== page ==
Structure and Coarsening at the Surface of a Dry Three-Dimensional Aqueous Foam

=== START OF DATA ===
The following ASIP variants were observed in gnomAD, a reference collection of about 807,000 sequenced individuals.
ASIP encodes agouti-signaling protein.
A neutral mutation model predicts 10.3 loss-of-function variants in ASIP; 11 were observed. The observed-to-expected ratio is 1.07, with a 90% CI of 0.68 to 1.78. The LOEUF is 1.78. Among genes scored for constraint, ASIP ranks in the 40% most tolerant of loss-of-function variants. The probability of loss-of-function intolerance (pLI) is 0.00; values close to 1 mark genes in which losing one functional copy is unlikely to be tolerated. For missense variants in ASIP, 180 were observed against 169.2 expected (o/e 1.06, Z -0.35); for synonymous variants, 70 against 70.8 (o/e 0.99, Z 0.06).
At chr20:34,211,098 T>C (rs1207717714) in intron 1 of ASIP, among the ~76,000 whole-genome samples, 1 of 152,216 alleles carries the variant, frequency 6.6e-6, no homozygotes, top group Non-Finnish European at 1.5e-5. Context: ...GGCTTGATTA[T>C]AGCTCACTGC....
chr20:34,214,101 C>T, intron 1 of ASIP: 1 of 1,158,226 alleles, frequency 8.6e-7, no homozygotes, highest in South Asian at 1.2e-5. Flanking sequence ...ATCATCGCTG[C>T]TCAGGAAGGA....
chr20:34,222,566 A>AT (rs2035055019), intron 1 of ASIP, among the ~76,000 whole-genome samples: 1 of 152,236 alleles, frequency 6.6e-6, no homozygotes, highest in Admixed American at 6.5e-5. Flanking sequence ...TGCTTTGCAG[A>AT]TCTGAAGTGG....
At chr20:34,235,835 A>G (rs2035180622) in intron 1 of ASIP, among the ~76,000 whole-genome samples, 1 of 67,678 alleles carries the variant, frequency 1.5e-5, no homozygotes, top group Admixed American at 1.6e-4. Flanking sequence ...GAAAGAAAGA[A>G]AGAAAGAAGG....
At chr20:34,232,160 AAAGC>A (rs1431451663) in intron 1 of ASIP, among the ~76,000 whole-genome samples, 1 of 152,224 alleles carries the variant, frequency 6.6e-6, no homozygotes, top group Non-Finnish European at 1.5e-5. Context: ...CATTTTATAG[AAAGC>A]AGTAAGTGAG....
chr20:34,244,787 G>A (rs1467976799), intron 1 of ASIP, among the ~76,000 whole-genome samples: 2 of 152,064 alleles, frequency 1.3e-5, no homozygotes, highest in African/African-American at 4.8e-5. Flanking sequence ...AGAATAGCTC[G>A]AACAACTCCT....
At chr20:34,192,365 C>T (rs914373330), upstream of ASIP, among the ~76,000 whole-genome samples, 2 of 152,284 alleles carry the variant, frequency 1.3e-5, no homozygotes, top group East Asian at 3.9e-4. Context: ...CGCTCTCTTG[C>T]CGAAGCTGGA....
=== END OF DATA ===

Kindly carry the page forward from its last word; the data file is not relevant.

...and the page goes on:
We utilize total-internal reflection to isolate the two-dimensional surface foam formed at the planar boundary of a three-dimensional sample. The resulting images of surface Plateau borders are consistent with Plateau's laws for a truly two-dimensional foam. Samples are allowed to coarsen into a self-similar scaling state where statistical distributions appear independent of time, except for an overall scale factor. There we find that statistical measures of side number distributions, size-topology correlations, and bubble shapes are all very similar to those for two-dimensional foams. However, the size number distribution is slightly broader, and the shapes are slightly more elongated. A more obvious difference is that T2 processes now include the creation of surface bubbles, due to rearrangement in the bulk, and von Neumann's law is dramatically violated for individual bubbles. But nevertheless, our most striking finding is that von Neumann's law appears to holds on average, namely, the average rate of area change for surface bubbles appears to be proportional to the number of sides minus six, but with individual bubbles showing a wide distribution of deviations from this average behavior.